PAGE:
If you’d like to talk more about this, please email me or call and I would be happy to answer any questions. This is one of my favorite subjects!


Love and Be Loved,

Advice for Anyone Seeking Therapy or Counseling

Advice for Anyone Seeking Therapy or Counseling

I’ll admit that when I’ve experienced a problem I’ve waited until I’m pretty desperate to address it. I’ve also waited until I just can’t take it anymore to get help. First, there are the, “Oh, maybe it’ll resolve itself” thoughts. Then I think, “Well, it hasn’t gone away, but I’ll just look around out there to see if there’s anything that seems helpful.” It’s usually around the “I can’t go on like this” thinking that I’ll decide to seek help and by that time, I’ve been white knuckling it for so long that I’m craving instant relief and resolution.

Sound familiar?

This happens all the time. Many of us don’t seek a solution at the first or second sign of a problem. There are many reasons why people don’t seek help right away. Sometimes it’s pride, sometimes fear. Some of us grew up in homes with unresponsive adults on whom we couldn’t depend for help so, we learned that healthy support isn’t an option. Many of us believe that our circumstances are “just the way life is” and we don’t believe a better alternative is available to us. Whatever the reason behind it, the longer problems exacerbate, the more resources we burn through trying to hang in there.

Often, by the time a person reaches my couch they’re ready to either quit a job, send their kid away, get a divorce, cut off their family, or throw in some other kind of towel. They’re over it (and they’ve been over it) and are looking immediate relief. They’re hoping for a major shift in the first session or two. And this can make for a pretty rough start to therapy.

There are some therapeutic protocols that can yield faster results, but they’re not indicated for every presentation. When they are indicated, there is often a lot of groundwork that has to be constructed before any of these modalities can take hold for a person. It takes practice to become more self-aware of our behavior, to gain insight, to change our thoughts, and to change our behavior. It’s a process.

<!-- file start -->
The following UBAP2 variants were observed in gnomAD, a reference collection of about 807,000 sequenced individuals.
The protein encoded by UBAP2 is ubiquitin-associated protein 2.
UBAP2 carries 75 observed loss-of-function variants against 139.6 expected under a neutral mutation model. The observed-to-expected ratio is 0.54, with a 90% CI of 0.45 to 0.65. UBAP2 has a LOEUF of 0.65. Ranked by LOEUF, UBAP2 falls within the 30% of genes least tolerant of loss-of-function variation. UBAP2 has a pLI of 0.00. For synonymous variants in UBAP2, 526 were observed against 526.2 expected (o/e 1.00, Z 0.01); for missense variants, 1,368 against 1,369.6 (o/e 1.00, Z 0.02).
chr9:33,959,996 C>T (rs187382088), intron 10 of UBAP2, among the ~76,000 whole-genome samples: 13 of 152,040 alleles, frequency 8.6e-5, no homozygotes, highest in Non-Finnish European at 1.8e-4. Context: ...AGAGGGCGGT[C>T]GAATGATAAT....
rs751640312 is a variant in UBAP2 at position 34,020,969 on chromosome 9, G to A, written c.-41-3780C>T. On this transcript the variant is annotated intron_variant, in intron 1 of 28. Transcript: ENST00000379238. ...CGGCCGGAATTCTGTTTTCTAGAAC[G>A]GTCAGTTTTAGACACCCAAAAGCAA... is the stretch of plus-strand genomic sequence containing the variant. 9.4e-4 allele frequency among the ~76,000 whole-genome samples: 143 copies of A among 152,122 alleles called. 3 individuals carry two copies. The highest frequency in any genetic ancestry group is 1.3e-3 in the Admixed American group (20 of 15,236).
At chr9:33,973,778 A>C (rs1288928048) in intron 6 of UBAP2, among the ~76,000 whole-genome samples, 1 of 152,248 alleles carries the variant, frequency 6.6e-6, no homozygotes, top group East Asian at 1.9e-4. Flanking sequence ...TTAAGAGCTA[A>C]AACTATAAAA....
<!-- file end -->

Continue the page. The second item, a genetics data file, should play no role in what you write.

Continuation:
It’s not that it takes years and years of therapy before anyone can benefit from its tools. It’s just that it’s not going to change things overnight. It took time and action for the problem to build, and it will take time and action for it to resolve. Therapy can sometimes be a painful, scary, and frustrating endeavor. It’s also totally worth it.

So, if you’re reading this and have been thinking about starting therapy, go ahead and start making the calls to the therapists who seem like they might be a good fit for you. If you’re reading this after what feels like a failed therapy attempt or still need to know more about what to expect, read on.

You probably already know that there is no magic elixir, no magic pill or incantation or book that will make all (or any) of your problems disappear. Therapy doesn’t offer a magic cure either. What it does offer is a supportive space to tell your story, reflect with an experienced professional on what has and hasn’t worked and why, and practice new ways of trying to work out the problem. Sometimes people report that it’s felt as though things have gotten worse before they’ve gotten better. It’s messy and challenging to open up the can of worms we’ve been carrying around for years. Other people say that it felt more like slow and steady progress. There are people who felt like they made progress and then crashed again or plateaued. As many people as you gather in a room are as many different stories about the therapeutic experience.

Sometimes you won’t find the right therapist for you, and that will be frustrating. Sometimes you will find the right therapist, and you’ll be frustrated by certain questions or homework assignments or the fact that you have opened up to a stranger, and you’re still really suffering. This is all part of it. In therapy, on your road to wherever it is you want to be, you are going to feel a multitude of emotions, some uncomfortable, some wonderful. You are going to try things that work, and you’re going to try things that don’t work so well. You’re going to make gains, and you’re going to have setbacks. The difference is you won’t be doing it alone. You’ll be doing all of this with an enlisted ally who wants you to succeed, who reflects back to you what they see, and who will offer variations on an approach based on their intimate knowledge of you, your situations, and human behavior.

If you can work through the intermittent discomfort, there’s a whole other world waiting for you on the other side.


Love and Be Loved,

“Help- my partner is depressed.”

“Help- my partner is depressed.”